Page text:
Cambodia's Prime Minister Hun Sen delivers an address during an opening ceremony for the Khmer New Year at Bayon temple at the Angkor complex in Siem Reap province on April 13, 2018. Photo: AFP/Tang Chhin Sothy

This weekend, Hun Sen will go to the polls seeking to extend his reign as the world’s longest-serving prime minister. Over the course of his 33 years in power in Cambodia, Hun Sen has triumphed in the four elections since the 1993 UN-run polls. However, not once in that time has he approached a ballot from a position that is at once so strong and so weak.

On the one hand, this Sunday’s vote is already a foregone conclusion. Faced with a fractured and disorganized opposition, Hun Sen will remain in government, in all likelihood with a healthy majority. A ringing endorsement of his stewardship of the country?

Well, not quite.

This apparent position of strength is illusory. Threatened by gains made by political opponents and growing dissent among civil society, Hun Sen’s government has entrenched itself only by virtue of a nationwide crackdown on freedoms and human rights that has seen few of its critics spared.

The groundwork laid over recent years in preparation for the election has all but ensured there will be no repeat of what we saw in Malaysia in May. There, a similarly long-standing leader had a seemingly unassailable position heading into election day. Now, rather than running a country, Najib Razik finds himself facing criminal charges.

The approach taken by Cambodian government under the ruling Cambodian People’s Party (CPP) has left no such fate to chance. Starting with the enfeeblement of their main political opponents, it has embarked on a mission to silence dissent that has also seen the country’s independent media and civil society come under sustained attack.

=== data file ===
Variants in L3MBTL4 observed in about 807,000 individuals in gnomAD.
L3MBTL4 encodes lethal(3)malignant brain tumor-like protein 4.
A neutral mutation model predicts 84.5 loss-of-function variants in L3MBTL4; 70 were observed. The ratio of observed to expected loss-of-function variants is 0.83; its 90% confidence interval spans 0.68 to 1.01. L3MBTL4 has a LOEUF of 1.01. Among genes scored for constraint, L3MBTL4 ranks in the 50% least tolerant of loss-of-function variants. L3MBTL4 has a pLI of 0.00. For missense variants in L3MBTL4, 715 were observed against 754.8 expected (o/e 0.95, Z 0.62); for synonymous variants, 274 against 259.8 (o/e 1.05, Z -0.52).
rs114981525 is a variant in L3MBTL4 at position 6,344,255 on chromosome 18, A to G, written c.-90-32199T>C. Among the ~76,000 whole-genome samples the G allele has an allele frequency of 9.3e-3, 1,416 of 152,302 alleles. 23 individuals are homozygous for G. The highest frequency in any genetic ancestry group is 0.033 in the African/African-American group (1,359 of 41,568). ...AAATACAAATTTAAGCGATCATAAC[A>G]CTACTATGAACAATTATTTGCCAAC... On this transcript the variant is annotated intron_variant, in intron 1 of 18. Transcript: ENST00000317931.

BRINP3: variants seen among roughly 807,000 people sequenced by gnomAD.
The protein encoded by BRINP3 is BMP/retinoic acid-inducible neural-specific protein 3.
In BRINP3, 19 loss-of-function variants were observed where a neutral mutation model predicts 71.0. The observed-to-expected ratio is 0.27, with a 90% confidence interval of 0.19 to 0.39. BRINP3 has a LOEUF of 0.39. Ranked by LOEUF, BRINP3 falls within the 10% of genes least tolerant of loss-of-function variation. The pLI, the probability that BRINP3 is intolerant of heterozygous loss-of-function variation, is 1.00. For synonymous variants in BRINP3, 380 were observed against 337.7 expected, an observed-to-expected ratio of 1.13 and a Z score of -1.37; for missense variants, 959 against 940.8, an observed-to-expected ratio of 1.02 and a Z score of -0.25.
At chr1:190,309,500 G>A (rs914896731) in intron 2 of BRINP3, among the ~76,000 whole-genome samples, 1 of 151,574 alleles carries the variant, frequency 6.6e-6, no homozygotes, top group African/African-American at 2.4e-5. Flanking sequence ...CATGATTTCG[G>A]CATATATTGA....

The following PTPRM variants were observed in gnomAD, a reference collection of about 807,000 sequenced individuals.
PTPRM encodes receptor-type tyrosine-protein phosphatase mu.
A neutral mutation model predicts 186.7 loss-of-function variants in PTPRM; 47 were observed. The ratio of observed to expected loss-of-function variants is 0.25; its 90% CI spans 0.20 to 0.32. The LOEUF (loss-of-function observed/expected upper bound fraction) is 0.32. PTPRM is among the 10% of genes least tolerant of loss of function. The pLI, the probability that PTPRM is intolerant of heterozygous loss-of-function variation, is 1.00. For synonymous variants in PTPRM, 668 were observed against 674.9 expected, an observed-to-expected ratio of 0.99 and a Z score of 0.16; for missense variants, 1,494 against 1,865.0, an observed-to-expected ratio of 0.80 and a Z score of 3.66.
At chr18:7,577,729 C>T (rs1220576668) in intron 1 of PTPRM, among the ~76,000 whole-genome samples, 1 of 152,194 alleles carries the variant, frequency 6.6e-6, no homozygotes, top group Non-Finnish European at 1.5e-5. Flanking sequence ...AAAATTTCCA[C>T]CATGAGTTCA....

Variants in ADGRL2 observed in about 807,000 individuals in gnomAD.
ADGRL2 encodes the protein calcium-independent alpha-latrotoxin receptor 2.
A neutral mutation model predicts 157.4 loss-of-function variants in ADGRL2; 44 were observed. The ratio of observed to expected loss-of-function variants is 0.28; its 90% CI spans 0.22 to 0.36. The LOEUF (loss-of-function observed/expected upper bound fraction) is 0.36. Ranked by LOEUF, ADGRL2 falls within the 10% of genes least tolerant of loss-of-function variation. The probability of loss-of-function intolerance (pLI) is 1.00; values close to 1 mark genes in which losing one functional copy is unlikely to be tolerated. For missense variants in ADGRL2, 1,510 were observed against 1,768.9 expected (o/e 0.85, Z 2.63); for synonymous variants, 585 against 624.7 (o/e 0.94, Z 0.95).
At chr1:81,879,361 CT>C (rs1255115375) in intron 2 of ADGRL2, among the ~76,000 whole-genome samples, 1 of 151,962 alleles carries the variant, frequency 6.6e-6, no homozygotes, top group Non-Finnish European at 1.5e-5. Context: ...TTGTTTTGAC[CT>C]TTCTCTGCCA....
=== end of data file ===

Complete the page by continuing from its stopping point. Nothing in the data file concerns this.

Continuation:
Having emerged from decades of brutality under the Khmer Rouge regime and widespread political violence in the 1990s, Cambodia’s progress on human rights is being dismantled bit by bit

Having emerged from decades of brutality under the Khmer Rouge regime and widespread political violence in the 1990s, Cambodia’s progress on human rights is being dismantled bit by bit.

The current crackdown can trace its roots back to the last national elections in July 2013. Chastened by the near-victory of the Cambodia National Rescue Party (CNRP), the CPP has been determined never to allow such a close shave again.

What should have been the CNRP’s finest moment has proved to be its undoing. First, its charismatic leader Sam Rainsy was forced into exile on the basis of trumped-up and discredited defamation charges in November 2015. Now residing in Paris, he faces years in prison should he return to Cambodia, and only last month received yet another court summons – this time for baseless allegations of “royal defamation.”

The past year has seen a further doubling-down on opposition politicians who could threaten the CPP’s hold on power. Rainsy’s successor, Kem Sokha, was arrested on ludicrous accusations of “treason” in September 2017. Just a month later, his deputy, Mu Sochua, fled the country to avoid a similar fate. Dozens of other leading opposition figures have been arrested since 2015, many of whom remain behind bars.